Min Kim and Judson Ellis – One was born in Korea, the other in the U.S.A. Both moved to Rye in time for first grade.
By Mitch Silver
One was born in Korea, the other in the U.S.A. Both moved to Rye in time for first grade.
One took summer courses in Astrophysics and Relativity at Columbia University; the other studied Bacterial Immunity as part of Rockefeller University’s Summer Science Research Program. Both will be attending Ivy League schools in the fall.
One has a grade point average of over 101; the other has an even higher GPA. They are Min Kyo Kim and Judson Ellis, Rye High’s valedictorian and salutatorian, respectively, for 2015.
Min’s resumé is larded with AP courses (ten in all) and school departmental honors. So, naturally, I asked her to name her weakest subject. “Physical Education,” she quickly replied. “I’m not, and never will be, Presidential Physical Fitness material.”
Judson’s curriculum vitae is equally impressive, with SAT scores of 2,370 (2,400 is as high as you can go) and High Honor Roll appearances right through high school. His fitness seems okay, judging by his varsity letter in Track & Field.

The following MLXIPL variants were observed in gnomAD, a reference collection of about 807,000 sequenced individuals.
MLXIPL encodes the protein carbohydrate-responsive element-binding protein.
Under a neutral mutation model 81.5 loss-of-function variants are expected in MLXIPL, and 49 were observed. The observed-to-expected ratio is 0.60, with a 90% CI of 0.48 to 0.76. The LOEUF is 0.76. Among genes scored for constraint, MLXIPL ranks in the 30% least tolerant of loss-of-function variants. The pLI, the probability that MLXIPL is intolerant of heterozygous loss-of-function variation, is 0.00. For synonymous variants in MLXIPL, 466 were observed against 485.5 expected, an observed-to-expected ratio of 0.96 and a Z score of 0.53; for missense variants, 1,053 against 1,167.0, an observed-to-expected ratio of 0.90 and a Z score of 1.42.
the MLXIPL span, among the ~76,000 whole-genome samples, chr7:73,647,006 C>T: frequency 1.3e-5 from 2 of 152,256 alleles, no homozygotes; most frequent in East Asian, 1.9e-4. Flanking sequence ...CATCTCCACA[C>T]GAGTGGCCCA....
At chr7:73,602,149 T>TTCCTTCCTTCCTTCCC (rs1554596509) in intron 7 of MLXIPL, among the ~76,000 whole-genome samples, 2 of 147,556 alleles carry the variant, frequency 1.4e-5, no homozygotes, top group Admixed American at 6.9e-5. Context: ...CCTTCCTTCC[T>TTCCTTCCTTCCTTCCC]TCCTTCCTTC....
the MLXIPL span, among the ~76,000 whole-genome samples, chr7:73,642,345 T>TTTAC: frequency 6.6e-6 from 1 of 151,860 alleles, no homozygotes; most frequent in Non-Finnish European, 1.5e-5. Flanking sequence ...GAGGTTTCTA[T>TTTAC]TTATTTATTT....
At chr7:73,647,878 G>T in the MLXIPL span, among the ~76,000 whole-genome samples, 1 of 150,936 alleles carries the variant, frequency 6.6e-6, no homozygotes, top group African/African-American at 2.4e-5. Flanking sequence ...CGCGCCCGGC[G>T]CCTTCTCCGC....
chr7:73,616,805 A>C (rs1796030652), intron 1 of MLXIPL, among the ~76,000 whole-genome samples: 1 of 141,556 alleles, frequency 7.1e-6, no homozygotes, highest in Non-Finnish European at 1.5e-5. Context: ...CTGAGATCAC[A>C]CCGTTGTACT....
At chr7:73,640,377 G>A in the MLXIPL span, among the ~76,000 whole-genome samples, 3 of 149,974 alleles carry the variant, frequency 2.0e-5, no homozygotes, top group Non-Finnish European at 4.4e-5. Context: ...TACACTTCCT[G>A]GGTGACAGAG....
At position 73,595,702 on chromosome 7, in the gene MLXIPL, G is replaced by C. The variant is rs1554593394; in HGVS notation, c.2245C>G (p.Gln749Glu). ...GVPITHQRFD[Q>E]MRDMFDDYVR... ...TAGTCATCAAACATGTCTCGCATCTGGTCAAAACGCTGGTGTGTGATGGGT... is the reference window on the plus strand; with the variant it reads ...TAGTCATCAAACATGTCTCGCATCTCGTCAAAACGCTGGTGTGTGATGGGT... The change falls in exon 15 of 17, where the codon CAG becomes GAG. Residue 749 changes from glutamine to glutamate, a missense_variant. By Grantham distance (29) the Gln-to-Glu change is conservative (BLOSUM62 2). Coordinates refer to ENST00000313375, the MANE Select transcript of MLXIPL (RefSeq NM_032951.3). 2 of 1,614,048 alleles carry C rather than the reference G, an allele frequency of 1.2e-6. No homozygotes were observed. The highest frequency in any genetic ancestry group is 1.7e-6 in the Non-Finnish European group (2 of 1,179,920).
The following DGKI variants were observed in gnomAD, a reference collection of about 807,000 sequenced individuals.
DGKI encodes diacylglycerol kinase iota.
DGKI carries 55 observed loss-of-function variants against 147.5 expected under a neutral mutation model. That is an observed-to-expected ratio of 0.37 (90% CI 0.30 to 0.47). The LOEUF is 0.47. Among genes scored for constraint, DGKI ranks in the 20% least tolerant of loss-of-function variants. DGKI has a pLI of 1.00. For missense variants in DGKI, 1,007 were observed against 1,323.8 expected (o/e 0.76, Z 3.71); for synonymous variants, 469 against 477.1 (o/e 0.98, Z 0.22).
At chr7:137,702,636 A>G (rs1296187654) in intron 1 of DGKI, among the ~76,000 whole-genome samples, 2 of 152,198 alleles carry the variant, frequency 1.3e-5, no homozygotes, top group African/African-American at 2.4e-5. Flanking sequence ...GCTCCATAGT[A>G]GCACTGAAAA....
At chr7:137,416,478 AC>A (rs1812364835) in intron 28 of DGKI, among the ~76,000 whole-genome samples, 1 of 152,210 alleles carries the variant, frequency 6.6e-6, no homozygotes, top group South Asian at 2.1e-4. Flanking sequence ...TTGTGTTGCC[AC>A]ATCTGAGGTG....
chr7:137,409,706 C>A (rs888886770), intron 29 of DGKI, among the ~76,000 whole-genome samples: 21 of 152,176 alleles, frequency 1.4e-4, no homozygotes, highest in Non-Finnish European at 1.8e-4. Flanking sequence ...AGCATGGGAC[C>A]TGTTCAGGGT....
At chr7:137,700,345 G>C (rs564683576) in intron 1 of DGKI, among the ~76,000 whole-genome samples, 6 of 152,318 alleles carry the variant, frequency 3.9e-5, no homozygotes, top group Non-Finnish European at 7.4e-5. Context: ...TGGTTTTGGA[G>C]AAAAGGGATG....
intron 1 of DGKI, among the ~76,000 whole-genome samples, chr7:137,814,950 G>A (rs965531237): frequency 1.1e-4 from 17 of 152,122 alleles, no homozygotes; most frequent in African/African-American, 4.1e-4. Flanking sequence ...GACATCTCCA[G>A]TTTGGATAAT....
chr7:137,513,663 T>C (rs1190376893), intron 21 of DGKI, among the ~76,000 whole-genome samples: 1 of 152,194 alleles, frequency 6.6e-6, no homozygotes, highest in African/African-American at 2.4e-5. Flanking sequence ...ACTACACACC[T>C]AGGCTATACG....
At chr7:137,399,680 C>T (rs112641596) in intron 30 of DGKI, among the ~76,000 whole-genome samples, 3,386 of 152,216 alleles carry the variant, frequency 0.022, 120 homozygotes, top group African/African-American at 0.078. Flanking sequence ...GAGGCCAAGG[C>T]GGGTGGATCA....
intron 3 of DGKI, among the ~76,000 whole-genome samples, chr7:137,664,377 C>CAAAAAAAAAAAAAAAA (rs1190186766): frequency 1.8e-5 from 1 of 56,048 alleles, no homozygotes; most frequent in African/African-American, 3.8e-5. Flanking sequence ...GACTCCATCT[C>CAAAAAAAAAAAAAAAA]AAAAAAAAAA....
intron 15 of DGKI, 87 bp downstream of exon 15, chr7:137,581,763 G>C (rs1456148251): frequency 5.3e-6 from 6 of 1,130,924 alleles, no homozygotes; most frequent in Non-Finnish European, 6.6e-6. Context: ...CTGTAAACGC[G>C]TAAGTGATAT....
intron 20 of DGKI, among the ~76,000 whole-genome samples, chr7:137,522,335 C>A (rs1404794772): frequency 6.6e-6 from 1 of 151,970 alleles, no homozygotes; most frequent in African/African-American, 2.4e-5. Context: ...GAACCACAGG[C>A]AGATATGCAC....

The two scholars are also musicians. Min played violin in the Rye String, Symphony, and Chamber orchestras, while Judson’s voice was heard in the Rhythm on Rye a capella group, as well as the Parson Street Players’ productions of “Pippin”, “South Pacific”, and “Beauty and the Beast”.
Both expect to take plenty of STEM (Science, Technology, Engineering, and Mathematics) courses at college — Min at Harvard and Judson at Brown. I asked them about their college choices.
Judson said: “I chose Brown University because of its commitment to academics as well as to the arts. It’s big enough and diverse enough to provide constant new opportunities, and has anenvironment not only of intellectual vivacity but also of friendliness. In addition, Brown’s open curriculum will allow me the freedom to explore multiple interests.” Those interests include art history and all kinds of creative writing.
Min is aiming to be an American astronaut, so she intends her concentration to be in areas related to astrophysics. Why Harvard? “My parents run a dry cleaning store in Port Chester. With my older brother at Brandeis and my younger sister Jenny right behind me, the size of the financial aid package was important. It’s a fact of life that the bigger schools — Stanford, MIT, Harvard — can afford to offer more.”
A trick question: What would you do with a train ticket to the city and a free afternoon? Judson replied, “I think I’d head over to the Strand Book Store in the Village and just browse. I hear it’s amazing.”
Kim’s choice was equally low-key: “I think I’d get myself a nice takeout lunch and enjoy it in the park, just thinking.”